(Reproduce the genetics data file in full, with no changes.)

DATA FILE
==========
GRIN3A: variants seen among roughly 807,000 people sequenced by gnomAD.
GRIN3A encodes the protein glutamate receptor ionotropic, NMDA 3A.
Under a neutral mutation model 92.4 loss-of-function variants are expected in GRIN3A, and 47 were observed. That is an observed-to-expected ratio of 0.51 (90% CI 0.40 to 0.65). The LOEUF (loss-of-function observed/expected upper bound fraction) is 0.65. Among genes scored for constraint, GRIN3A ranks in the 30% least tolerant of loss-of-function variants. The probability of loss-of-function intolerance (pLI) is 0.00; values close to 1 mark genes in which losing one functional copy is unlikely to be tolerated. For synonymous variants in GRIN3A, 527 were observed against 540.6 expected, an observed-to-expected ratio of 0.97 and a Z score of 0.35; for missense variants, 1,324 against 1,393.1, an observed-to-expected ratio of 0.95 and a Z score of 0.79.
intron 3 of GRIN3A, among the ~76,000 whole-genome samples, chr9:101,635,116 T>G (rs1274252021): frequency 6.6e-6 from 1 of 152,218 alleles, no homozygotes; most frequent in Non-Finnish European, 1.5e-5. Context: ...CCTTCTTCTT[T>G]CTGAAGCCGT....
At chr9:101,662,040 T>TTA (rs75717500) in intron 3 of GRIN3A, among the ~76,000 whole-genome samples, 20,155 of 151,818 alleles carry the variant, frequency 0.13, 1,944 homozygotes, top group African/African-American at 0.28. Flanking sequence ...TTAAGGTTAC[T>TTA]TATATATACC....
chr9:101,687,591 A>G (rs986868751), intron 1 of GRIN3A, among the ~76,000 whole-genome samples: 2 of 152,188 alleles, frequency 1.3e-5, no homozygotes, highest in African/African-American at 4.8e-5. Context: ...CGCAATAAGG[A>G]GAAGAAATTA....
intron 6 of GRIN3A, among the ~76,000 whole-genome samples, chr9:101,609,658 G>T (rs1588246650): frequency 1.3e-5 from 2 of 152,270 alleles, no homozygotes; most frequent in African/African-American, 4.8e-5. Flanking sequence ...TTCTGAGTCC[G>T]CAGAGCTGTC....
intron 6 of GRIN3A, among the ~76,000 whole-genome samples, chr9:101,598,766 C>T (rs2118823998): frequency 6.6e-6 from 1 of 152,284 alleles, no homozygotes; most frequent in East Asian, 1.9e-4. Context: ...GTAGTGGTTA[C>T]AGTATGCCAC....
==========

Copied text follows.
GRIN3A: variants seen among roughly 807,000 people sequenced by gnomAD.
GRIN3A encodes the protein glutamate receptor ionotropic, NMDA 3A.
Under a neutral mutation model 92.4 loss-of-function variants are expected in GRIN3A, and 47 were observed. That is an observed-to-expected ratio of 0.51 (90% CI 0.40 to 0.65). The LOEUF (loss-of-function observed/expected upper bound fraction) is 0.65. Among genes scored for constraint, GRIN3A ranks in the 30% least tolerant of loss-of-function variants. The probability of loss-of-function intolerance (pLI) is 0.00; values close to 1 mark genes in which losing one functional copy is unlikely to be tolerated. For synonymous variants in GRIN3A, 527 were observed against 540.6 expected, an observed-to-expected ratio of 0.97 and a Z score of 0.35; for missense variants, 1,324 against 1,393.1, an observed-to-expected ratio of 0.95 and a Z score of 0.79.
intron 3 of GRIN3A, among the ~76,000 whole-genome samples, chr9:101,635,116 T>G (rs1274252021): frequency 6.6e-6 from 1 of 152,218 alleles, no homozygotes; most frequent in Non-Finnish European, 1.5e-5. Context: ...CCTTCTTCTT[T>G]CTGAAGCCGT....
At chr9:101,662,040 T>TTA (rs75717500) in intron 3 of GRIN3A, among the ~76,000 whole-genome samples, 20,155 of 151,818 alleles carry the variant, frequency 0.13, 1,944 homozygotes, top group African/African-American at 0.28. Flanking sequence ...TTAAGGTTAC[T>TTA]TATATATACC....
chr9:101,687,591 A>G (rs986868751), intron 1 of GRIN3A, among the ~76,000 whole-genome samples: 2 of 152,188 alleles, frequency 1.3e-5, no homozygotes, highest in African/African-American at 4.8e-5. Context: ...CGCAATAAGG[A>G]GAAGAAATTA....
intron 6 of GRIN3A, among the ~76,000 whole-genome samples, chr9:101,609,658 G>T (rs1588246650): frequency 1.3e-5 from 2 of 152,270 alleles, no homozygotes; most frequent in African/African-American, 4.8e-5. Flanking sequence ...TTCTGAGTCC[G>T]CAGAGCTGTC....
intron 6 of GRIN3A, among the ~76,000 whole-genome samples, chr9:101,598,766 C>T (rs2118823998): frequency 6.6e-6 from 1 of 152,284 alleles, no homozygotes; most frequent in East Asian, 1.9e-4. Context: ...GTAGTGGTTA[C>T]AGTATGCCAC....